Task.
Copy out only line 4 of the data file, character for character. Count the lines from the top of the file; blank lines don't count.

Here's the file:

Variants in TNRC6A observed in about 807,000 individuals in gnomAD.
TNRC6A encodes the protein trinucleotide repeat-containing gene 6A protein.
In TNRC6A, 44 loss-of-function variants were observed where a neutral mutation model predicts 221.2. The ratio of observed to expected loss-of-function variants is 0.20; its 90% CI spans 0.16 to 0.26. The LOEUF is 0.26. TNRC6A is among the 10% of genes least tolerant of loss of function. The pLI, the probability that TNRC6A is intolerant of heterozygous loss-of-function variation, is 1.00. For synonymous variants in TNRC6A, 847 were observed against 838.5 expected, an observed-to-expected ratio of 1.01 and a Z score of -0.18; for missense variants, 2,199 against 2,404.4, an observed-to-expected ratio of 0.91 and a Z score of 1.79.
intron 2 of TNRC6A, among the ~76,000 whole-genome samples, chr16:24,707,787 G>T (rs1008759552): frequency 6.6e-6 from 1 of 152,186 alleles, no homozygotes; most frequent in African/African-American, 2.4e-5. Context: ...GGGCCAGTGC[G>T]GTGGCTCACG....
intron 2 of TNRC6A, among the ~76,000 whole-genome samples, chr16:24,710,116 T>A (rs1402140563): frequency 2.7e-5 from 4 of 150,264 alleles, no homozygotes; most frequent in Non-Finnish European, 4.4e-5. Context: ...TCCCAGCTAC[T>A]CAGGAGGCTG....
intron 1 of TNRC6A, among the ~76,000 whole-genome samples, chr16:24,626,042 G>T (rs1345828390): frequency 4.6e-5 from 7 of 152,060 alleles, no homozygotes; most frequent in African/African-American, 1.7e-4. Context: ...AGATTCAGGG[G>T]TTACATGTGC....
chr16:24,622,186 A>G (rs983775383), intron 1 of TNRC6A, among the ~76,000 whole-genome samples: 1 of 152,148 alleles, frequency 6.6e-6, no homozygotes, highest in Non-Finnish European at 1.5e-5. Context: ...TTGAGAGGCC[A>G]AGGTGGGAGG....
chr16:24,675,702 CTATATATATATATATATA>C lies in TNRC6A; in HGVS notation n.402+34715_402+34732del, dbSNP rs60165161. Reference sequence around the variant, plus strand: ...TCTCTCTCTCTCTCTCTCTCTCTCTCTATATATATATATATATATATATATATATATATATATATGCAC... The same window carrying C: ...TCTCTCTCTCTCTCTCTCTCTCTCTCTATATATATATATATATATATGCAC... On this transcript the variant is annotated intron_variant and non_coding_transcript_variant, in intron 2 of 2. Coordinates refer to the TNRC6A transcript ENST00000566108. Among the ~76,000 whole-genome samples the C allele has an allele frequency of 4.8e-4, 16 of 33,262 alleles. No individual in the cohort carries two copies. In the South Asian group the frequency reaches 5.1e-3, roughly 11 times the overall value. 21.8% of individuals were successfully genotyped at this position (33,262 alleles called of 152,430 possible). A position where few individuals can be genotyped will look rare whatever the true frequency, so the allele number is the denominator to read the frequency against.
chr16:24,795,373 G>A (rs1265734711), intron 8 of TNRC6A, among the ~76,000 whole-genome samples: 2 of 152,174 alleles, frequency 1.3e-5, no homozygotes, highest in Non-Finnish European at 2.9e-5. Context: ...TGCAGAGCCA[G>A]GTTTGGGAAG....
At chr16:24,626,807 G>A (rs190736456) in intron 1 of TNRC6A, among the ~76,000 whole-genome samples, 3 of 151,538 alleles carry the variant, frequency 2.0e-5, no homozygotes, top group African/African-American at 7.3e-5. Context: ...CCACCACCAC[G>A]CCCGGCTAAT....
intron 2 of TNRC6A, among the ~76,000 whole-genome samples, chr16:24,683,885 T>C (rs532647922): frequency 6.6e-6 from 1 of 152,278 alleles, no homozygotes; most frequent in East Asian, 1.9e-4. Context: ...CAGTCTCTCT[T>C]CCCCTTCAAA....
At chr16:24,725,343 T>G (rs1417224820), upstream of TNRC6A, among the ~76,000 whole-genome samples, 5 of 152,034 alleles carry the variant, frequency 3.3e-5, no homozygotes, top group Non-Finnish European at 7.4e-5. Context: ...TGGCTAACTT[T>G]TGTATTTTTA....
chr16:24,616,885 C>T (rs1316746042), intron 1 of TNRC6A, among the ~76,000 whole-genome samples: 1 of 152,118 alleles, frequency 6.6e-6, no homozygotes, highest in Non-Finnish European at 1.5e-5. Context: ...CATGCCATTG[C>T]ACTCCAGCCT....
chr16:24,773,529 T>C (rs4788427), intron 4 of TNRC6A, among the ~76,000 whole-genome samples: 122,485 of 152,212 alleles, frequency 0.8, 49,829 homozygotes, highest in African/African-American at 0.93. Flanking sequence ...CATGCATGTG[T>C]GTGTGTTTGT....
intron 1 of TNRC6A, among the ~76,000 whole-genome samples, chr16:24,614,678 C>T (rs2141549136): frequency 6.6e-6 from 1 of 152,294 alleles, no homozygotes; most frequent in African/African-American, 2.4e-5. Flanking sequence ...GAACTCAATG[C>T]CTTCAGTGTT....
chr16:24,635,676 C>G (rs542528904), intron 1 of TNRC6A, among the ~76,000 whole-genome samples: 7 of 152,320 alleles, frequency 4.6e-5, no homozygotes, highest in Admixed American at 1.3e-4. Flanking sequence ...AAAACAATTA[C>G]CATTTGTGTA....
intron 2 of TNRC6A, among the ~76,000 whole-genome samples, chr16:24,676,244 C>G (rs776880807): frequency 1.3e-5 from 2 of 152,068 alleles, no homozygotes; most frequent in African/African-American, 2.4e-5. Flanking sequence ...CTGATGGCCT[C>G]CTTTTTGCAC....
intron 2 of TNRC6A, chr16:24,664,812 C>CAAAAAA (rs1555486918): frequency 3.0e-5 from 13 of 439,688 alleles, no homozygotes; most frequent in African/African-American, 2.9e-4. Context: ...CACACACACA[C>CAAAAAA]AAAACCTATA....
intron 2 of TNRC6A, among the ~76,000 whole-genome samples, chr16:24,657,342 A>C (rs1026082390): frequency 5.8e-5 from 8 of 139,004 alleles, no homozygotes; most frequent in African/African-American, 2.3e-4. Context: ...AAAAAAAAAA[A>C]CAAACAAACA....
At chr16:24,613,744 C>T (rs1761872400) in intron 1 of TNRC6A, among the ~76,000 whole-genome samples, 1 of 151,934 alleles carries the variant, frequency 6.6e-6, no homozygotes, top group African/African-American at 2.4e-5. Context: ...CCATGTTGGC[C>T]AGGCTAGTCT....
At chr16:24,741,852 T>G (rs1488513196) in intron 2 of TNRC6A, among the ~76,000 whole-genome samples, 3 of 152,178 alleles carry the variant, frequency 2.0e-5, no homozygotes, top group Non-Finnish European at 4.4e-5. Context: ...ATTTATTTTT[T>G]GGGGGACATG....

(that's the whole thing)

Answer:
intron 2 of TNRC6A, among the ~76,000 whole-genome samples, chr16:24,707,787 G>T (rs1008759552): frequency 6.6e-6 from 1 of 152,186 alleles, no homozygotes; most frequent in African/African-American, 2.4e-5. Context: ...GGGCCAGTGC[G>T]GTGGCTCACG....